We held our first GALA Plein Air camping trip hosted at the home of Doreen LaScolla’s niece in the Berkshires. Eight artists came and pitched tents for the weekend. We had a cook-out, music by the fire, and some fireworks, and we even fit in some painting. On Friday night I did a quick sketch of a part of our “campground.” I got something wrong and the SUV on the left ending up looking like a Metro.
On Saturday most everybody went to a waterfall to paint (and produced a lot of nice paintings), but I headed up to a place called Bog Pond. I set up on the dike between the road and the pond, and in between all the Canada Goose droppings. It was a warm and sunny day and I regretted not remembering to bring a hat. A few fishermen and women came and went while I was there. None of them seemed to have any luck. I came away with this painting and a sunburned neck.
On Sunday morning a bunch of us descended upon an old ramshackle farm belonging to an uncle of our host. There were fields and horses, crooked buildings and old rusting cars and tractors. It was too bad we only had time to draw one scene, but we took a lot of photos of what we didn’t have time to paint. The scene I chose had me sitting right out in the open sun and it was about the hottest day of the summer. Already with a bit of a burn from yesterday, I used an old tee shirt to tie a bandana around my head and draped a towel over my legs. The old gray buildings baking in the sun cried out to me for a scratchboard, so that’s what I tried. The result is below. I had to get a break from the sun and head home before I finished it, but it looks promising. Many thanks to Tarryn and Pete for hosting us and to Doreen for coordinating everything. We hope to do it again next year.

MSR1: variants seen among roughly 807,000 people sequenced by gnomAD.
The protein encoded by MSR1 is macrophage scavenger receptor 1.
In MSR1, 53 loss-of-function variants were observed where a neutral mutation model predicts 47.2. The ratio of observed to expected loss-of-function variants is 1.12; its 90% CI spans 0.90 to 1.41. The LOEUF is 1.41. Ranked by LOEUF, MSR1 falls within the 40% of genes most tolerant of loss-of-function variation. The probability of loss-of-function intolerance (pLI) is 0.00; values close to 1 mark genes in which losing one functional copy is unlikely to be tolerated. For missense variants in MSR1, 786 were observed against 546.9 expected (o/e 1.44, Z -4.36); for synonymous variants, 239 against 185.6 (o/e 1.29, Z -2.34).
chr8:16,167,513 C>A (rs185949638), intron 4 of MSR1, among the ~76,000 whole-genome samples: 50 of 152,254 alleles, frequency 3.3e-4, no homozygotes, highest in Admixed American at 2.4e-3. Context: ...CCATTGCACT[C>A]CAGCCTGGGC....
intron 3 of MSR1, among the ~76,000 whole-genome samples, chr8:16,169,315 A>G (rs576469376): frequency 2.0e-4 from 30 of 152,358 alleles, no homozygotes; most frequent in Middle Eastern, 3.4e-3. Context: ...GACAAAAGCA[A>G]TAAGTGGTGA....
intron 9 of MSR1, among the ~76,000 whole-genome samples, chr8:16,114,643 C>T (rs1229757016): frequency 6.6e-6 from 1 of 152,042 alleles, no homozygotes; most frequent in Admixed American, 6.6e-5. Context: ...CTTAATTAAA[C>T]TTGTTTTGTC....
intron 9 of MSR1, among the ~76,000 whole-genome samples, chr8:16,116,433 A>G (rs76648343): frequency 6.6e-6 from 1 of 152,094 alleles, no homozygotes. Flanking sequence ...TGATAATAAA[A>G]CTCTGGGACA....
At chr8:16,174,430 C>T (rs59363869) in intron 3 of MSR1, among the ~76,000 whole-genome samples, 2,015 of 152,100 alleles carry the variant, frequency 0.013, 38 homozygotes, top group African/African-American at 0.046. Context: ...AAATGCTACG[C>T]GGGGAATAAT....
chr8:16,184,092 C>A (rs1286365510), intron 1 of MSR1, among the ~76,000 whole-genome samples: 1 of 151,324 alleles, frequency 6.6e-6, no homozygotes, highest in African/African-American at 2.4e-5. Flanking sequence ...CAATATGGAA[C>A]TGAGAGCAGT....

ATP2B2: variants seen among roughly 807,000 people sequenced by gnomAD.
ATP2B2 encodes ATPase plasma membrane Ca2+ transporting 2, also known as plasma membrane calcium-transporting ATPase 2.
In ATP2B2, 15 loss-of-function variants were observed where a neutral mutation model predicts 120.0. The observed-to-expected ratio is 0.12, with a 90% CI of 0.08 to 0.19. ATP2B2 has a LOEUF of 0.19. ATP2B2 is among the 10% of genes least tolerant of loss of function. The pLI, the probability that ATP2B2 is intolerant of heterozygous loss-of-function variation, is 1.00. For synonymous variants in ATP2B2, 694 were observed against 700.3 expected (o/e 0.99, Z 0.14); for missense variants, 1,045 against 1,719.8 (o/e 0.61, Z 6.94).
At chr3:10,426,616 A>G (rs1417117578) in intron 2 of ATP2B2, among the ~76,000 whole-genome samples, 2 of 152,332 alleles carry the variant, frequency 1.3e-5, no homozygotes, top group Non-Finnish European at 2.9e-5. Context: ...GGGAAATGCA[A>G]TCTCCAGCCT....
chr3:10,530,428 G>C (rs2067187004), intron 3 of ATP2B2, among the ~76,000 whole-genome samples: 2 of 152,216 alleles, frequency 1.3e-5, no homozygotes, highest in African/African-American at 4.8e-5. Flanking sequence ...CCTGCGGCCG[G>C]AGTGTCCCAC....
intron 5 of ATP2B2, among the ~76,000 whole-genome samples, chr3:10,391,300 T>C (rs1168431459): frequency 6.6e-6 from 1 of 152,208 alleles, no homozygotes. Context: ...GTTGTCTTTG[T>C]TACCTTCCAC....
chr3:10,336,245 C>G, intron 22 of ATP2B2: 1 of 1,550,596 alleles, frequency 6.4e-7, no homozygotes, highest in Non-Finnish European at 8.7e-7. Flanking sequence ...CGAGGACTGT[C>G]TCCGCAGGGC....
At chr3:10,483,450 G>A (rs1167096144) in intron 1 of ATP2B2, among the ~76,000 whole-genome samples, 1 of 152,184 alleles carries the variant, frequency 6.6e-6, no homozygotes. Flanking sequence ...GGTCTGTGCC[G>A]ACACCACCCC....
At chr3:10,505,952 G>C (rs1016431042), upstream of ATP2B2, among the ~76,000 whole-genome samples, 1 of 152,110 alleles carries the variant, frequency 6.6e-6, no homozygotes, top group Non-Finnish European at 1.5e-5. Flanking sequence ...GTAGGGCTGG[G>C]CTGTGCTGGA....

I was at a meeting in the mountains in West Virginia this week. I skipped a few of the sessions to take a walk in the woods and see the sights. I found a beautiful valley with a view of the surrounding mountains and sketched it with inktense pencils on paper.
After finishing that I continued on the path into the woods and came upon a magical forest where many of the trees were growing on stilts – their roots were above ground. Usually this happens when the soil around the roots subsides for some reason, but usually it is a tree here and there, not a whole forest of them. It was an amazing sight.
It occurred to me that the stilted trees would make a good scratchboard subject so the next day I went back and started work on it. It will still need a lot of studio time to finish it but I include it here to show you what an unfinished scratchboard looks like. I spent one hour there on Monday and then four hours on Tuesday and this is how far I got. There were so many strange trees that instead of just drawing one I fit several into one picture.
Some of the best work I've done isn't hanging on a wall; it's sitting in a box in my closet that's full of my old sketch books. I fill up one or two books each year. Some of the sketches end up as a basis of a more formal work, but most don't. They’re more important to me as a pictorial diary and also as on-going training; learning to really see and to understand shape, light and color.
This blog is to share my sketches as well as my sketching experiences.